4. The couple then starts preparing to enter the sacrament of marriage. The priest or deacon will prepare guidelines for this step. The priest may request that the couple attend a parish or diocesan marriage preparation program if married for less than two years. If married for more than two years, the priest will recommend the couple attend a marriage enrichment weekend or event.
  5. The couple will then attend the sacrament of reconciliation. The couple will have to go through the sacrament of confessions. The priest will guide you through this process and assist you in confessing the sins. After confessions and repentance, the couple is ready to prepare for their wedding ceremony.
  6. The couple can now arrange for the convalidation service and set the time and date for the ceremony. If the couple is both catholic, they can opt for a nuptial mass, and if only one of the couple is a catholic, then a rite of a marriage ceremony is appropriate for them. If one spouse does not want to participate in the convalidation, the church will recognize the marriage as valid through the radical sanation process.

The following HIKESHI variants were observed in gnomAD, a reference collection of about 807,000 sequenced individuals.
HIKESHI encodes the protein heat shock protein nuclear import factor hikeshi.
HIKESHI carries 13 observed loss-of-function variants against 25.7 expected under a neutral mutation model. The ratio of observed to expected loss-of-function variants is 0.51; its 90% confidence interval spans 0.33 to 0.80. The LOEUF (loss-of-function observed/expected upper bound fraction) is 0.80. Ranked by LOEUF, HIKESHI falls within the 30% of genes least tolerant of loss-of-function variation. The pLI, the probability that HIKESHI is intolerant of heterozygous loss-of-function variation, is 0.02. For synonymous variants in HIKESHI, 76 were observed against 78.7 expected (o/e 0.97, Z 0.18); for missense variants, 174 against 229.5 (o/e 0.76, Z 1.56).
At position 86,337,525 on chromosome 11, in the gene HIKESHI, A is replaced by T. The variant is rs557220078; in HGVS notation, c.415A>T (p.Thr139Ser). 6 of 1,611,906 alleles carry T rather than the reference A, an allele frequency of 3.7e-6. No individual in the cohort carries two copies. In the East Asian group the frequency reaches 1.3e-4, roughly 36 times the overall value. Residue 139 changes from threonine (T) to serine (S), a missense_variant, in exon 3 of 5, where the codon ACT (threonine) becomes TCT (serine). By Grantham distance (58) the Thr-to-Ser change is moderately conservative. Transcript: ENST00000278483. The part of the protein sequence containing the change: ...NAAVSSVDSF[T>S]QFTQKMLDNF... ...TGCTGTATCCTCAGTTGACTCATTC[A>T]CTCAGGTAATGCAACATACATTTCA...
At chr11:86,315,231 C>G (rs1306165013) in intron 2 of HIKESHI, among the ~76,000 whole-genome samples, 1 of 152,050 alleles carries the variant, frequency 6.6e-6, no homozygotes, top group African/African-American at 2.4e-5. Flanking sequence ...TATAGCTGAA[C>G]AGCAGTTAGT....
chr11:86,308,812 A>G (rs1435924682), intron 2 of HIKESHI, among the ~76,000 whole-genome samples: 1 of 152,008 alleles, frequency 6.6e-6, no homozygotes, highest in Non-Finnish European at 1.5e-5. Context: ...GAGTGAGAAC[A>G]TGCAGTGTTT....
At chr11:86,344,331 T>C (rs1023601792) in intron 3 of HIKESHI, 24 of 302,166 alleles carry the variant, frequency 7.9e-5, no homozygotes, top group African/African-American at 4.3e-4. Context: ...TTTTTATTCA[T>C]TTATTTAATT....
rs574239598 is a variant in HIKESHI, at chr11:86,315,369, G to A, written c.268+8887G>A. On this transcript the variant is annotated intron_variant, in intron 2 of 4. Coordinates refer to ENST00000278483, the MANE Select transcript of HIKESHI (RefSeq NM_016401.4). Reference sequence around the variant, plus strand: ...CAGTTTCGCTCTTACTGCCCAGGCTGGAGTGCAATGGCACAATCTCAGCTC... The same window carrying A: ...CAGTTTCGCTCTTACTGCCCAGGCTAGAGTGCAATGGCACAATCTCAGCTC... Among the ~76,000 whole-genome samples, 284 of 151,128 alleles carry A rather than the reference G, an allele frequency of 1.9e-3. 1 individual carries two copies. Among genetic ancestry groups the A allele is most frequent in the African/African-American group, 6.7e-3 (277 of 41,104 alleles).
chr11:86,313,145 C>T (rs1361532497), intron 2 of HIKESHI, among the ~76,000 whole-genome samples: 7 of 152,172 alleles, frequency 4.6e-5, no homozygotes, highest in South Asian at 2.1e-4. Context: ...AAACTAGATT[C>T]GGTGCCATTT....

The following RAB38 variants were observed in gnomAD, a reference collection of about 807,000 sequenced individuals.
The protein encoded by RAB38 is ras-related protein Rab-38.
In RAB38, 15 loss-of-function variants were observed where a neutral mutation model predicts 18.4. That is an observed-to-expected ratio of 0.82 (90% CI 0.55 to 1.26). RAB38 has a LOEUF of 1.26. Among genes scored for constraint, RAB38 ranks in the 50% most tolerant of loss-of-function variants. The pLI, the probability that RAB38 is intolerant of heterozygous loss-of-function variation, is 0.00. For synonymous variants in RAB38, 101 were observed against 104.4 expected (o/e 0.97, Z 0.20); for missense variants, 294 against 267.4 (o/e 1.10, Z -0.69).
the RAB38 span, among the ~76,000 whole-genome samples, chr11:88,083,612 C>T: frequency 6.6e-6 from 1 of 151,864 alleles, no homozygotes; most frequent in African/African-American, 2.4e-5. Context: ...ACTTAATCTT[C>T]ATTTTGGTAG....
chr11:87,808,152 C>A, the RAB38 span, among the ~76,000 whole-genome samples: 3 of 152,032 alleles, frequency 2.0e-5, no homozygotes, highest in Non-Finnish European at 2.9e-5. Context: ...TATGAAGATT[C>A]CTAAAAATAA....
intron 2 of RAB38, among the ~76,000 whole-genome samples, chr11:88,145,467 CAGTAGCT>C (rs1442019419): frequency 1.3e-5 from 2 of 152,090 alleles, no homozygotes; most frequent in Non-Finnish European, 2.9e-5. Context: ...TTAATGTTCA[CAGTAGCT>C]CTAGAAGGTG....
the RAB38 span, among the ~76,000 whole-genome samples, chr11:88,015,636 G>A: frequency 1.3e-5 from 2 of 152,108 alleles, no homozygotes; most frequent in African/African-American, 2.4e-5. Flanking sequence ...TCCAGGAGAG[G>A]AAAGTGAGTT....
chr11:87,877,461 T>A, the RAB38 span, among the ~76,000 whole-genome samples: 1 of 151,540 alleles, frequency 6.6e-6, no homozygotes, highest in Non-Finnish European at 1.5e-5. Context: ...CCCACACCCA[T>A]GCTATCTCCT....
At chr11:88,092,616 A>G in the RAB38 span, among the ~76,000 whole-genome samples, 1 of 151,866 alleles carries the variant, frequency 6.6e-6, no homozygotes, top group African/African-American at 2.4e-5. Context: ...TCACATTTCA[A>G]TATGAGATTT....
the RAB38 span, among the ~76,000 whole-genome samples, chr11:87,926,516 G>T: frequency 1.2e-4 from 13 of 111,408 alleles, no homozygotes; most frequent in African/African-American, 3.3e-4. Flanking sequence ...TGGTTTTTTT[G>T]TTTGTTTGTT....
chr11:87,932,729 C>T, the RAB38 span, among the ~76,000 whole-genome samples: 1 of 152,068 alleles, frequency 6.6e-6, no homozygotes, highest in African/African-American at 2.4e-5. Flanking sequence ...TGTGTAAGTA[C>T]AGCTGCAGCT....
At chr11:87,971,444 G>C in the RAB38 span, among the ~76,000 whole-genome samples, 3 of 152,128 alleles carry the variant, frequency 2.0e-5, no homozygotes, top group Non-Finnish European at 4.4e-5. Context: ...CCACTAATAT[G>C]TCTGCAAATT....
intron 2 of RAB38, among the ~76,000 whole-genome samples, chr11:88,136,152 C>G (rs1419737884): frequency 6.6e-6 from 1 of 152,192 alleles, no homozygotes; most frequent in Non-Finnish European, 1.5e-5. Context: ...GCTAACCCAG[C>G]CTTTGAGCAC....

7. The final step is to celebrate a wedding. The couple will receive the sacrament of reconciliation. There is no need for a big wedding with bridesmaids and groomsmen. A simple ceremony with a few guests is enough. At least two witnesses need to be present during the ceremony. Some priests will allow a big celebration, but they will clarify to the couple and the guests that a legal marriage is already in place. The couple can then become actively involved in the church’s activities.


Most Catholics want the church to recognize their marriages as valid. It makes it easy for couples to attend mass and receive communion. Convalidation fulfills the need to get closer to the church and God.

Catholics are bound by canon law to marry under specific conditions. If any of these conditions are not met, the church will not consider the marriage valid. To fix such errors, the catholic church introduced convalidation—a simple way of fixing the mistakes of the catholic couples who got married outside of the church.